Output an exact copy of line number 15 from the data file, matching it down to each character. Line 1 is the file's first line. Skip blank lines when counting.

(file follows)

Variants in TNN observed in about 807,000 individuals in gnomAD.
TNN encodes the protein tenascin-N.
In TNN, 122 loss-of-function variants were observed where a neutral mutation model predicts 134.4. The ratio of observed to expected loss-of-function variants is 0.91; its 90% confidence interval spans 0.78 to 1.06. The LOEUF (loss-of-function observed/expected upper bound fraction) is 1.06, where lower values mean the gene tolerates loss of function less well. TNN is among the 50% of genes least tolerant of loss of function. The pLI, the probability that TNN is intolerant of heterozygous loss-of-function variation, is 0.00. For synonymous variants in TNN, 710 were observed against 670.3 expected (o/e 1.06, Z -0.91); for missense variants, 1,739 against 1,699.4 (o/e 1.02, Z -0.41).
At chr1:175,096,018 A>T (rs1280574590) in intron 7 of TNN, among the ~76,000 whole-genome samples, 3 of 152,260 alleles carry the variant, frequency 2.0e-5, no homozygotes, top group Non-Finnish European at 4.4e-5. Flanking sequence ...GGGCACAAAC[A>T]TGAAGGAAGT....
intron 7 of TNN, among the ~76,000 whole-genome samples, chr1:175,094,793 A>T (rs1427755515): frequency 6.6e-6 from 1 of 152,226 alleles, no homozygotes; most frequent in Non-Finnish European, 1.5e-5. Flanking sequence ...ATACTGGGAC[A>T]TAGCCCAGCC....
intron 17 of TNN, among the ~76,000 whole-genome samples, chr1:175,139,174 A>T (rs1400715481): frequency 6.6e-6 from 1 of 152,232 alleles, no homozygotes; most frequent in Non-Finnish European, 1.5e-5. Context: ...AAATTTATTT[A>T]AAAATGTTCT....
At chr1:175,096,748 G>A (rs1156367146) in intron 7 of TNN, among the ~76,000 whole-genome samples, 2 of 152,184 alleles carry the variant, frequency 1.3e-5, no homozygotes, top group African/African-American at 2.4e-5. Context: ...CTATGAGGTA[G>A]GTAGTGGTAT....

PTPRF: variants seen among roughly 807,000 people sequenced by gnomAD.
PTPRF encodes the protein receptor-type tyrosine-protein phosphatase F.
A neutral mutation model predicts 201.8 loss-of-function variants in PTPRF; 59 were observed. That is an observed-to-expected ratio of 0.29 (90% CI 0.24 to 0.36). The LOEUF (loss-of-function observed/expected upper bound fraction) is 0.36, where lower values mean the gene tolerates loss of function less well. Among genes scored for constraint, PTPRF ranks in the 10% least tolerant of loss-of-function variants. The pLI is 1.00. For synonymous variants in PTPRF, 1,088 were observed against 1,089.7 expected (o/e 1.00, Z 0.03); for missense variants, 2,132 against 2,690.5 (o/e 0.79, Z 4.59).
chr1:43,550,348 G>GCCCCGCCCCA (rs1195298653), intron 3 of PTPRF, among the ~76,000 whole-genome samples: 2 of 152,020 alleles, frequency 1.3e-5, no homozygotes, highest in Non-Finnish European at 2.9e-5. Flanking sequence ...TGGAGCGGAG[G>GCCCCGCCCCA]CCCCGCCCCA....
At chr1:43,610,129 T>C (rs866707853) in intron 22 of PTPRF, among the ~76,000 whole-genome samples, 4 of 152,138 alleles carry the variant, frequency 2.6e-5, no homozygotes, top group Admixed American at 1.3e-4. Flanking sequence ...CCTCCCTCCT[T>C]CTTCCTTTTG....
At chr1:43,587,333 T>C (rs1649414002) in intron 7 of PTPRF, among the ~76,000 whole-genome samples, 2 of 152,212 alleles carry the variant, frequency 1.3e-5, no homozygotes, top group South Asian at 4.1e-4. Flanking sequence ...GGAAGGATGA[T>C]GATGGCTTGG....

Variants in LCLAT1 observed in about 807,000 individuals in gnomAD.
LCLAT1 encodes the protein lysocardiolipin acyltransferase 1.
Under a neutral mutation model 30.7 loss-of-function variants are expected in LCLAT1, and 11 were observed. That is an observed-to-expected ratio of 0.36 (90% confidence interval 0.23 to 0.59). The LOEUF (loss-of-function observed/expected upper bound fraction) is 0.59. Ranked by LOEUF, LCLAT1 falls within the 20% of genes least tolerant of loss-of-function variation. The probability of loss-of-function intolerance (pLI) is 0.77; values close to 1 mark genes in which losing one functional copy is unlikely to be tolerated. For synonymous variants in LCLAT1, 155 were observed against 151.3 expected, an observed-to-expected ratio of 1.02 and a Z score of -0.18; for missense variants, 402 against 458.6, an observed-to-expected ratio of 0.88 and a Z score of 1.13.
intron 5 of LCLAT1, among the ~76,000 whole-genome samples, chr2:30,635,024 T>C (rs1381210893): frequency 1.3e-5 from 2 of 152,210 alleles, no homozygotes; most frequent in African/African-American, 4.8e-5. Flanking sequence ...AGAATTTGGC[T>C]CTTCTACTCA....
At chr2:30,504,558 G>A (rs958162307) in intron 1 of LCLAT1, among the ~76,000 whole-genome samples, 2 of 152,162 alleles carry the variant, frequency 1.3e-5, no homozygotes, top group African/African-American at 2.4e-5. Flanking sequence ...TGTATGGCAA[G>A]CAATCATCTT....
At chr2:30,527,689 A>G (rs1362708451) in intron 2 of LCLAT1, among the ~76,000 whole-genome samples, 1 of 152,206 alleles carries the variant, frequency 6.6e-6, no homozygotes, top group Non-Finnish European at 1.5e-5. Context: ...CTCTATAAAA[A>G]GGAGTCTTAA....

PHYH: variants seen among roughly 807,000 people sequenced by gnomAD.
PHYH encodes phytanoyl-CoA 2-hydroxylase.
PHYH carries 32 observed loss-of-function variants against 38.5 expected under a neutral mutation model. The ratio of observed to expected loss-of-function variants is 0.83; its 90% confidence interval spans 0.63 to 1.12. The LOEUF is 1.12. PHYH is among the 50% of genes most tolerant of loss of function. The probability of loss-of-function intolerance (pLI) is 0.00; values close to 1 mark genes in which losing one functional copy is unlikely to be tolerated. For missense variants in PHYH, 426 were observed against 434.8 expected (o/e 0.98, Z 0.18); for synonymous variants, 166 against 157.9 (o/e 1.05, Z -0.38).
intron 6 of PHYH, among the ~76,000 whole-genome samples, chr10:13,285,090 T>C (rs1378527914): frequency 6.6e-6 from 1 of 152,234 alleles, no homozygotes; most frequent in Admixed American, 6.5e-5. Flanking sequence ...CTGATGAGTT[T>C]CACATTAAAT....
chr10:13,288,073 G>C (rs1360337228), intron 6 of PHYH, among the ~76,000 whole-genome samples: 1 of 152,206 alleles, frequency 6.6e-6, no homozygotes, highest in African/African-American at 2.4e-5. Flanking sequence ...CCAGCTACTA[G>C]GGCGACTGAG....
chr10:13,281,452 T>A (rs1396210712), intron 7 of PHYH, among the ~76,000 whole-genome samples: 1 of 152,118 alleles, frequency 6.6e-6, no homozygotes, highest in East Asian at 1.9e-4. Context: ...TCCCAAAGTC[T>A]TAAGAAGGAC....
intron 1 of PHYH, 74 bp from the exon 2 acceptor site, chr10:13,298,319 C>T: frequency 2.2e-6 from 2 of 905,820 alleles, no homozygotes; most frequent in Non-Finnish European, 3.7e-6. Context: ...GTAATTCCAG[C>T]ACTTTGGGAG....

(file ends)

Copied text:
LCLAT1 encodes the protein lysocardiolipin acyltransferase 1.